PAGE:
CHAPTER 3 Research methodology
Research methodology is a way to systematically solve the research problem (Rajasekar, Philominathan & Chinnathambi 2013:5). It may be understood as a science of studying how research is done scientifically. In it we study the various steps that are generally adopted by a researcher in studying his or her research problem along with the logic behind them. When one talks of research methodology concerning a research problem or study, the following points are mentioned by Kothari (2005:10):
Why a research study has been undertaken,
How the research problem has been defined,
In what way and why the hypothesis has been formulated,
What data have been collected and what particular method has been adopted, and
Why particular technique of analysing data has been used.
This chapter elucidates the study design and methods to be used for this study. The chapter encompasses setting, population, sampling procedure, data collection procedure, data collection instruments, variables, quality control measures, validity and reliability data management and analysis and ethical considerations.
STUDY SETTING AND POPULATION
The research setting can be seen as the physical, social, and cultural site in which the researcher conducts the study (Bhattacharya 2008:788). In order to meet the research objective of this particular study, rural and urban populations were considered. The rural setting was the Health and Demographic Surveillance System (HDSS) sites, which is owned by the Mekelle University in Tigray Region and used as a research centre of the University. The HDSS site is located in the Kilte Awlaelo district. The HDSS site has 10 Kebeles (the lowest political administrative unit in Ethiopia). The urban population was taken from the regional capital of Tigray, Mekelle. Including the adult populations from both urban and rural areas in this study enabled the researcher to determine the distribution of the risk factors of NCDs and the determinants of hypertension in particular in both settings.
Mekelle is a city in the northern part of Ethiopia. It is located in the Enderta district which is located in the southern zone of the region. Mekelle is the capital of the Tigray regional state. It is located some 783 kilometers north of the capital, Addis Ababa, at latitude and longitude 13°29′N 39°28′E / 13.483°N 39.467°E / 13.483; 39.467 with an elevation of 2084 to 2200 meters above sea level. The ambient temperature is 16° to 30° Celsius year round. The city has an estimated area of 24.44 square kilometers (Mekelle City 2011:1).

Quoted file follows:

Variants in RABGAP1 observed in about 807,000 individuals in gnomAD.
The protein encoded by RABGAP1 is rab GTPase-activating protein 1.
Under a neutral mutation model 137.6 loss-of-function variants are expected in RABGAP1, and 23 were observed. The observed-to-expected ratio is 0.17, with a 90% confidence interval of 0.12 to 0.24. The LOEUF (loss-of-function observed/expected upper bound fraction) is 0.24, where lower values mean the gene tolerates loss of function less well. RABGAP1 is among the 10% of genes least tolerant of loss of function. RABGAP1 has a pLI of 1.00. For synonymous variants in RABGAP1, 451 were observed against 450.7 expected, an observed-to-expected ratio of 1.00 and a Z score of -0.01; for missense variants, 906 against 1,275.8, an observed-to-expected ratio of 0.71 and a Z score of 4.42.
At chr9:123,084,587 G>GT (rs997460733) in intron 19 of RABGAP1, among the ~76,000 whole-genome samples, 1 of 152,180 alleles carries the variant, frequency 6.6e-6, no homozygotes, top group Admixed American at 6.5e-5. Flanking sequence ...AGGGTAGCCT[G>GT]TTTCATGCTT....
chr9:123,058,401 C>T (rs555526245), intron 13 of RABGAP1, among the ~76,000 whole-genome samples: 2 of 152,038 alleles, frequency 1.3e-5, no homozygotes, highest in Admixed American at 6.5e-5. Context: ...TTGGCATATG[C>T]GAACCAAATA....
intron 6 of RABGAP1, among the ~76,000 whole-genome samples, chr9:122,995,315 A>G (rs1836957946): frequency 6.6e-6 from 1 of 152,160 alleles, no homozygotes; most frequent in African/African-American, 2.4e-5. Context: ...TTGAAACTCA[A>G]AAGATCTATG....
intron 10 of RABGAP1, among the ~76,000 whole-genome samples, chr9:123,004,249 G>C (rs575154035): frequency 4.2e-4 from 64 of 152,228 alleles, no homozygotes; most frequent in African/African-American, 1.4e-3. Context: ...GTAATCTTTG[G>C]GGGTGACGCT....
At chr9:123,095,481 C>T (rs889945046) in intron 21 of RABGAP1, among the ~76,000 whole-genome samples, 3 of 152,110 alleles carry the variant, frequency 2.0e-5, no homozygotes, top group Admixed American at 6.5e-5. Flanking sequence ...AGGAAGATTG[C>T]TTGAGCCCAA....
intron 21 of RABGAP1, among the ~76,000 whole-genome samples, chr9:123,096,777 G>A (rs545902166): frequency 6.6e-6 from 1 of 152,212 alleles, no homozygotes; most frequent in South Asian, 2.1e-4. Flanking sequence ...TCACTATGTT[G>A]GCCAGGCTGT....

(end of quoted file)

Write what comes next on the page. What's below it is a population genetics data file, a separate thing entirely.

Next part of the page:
Population Characteristics and Political Administration of Mekelle City
Based on the projections from the Central Statistical Agency in 2007, Mekelle has an estimated total population of 273,459, of whom 132,868 were males and 140,591 were females. Mekelle has a population density of 11,189 people per square kilometer. The 1994 census reported that this city had a total population of 96,938 people of whom 45,729 were males and 51,209 were females (Central Statistical Agency Ethiopia 2012:7). There was one city administration, 7 sub-city administrations or “Kifle ketema” and 104 “Ketenas” (Mekelle City 2011:2). The total number of households in the city was 60,206. Christianity accounts for 93% of the population whereas Islam and other religions comprise the remaining 7% (Central Statistical Agency Ethiopia 2012:7). The languages spoken in the city are Tigrigna, Amharic and English. The predominant ethnic group in the area is Tigrie.
Mekelle has been among the fastest growing cities of Ethiopia. It is one of Ethiopia’s principal economic and educational centres. A new international standard airport, Alula Aba Nega Airport, has been opened very recently, as well as the northern Ethiopia’s principal cement production facility. There are diverse economic activities such as cement making, timber, mining, light manufacturing, agro-processing, wholesale and retail trade. In May 2000, Mekelle University was created by the merger of Mekelle Business College and Mekelle University College (Cannon 2009:20).
Health Services of Mekelle City
Like other major urban centres in Ethiopia, the health service coverage in terms of physical accessibility is 100%. There are seven hospitals (three public, three private, and one non-governmental). There are nine health centers, forty-eight private clinics and ten non-governmental organizations clinics (Mekelle City Health Bureau 2011:3).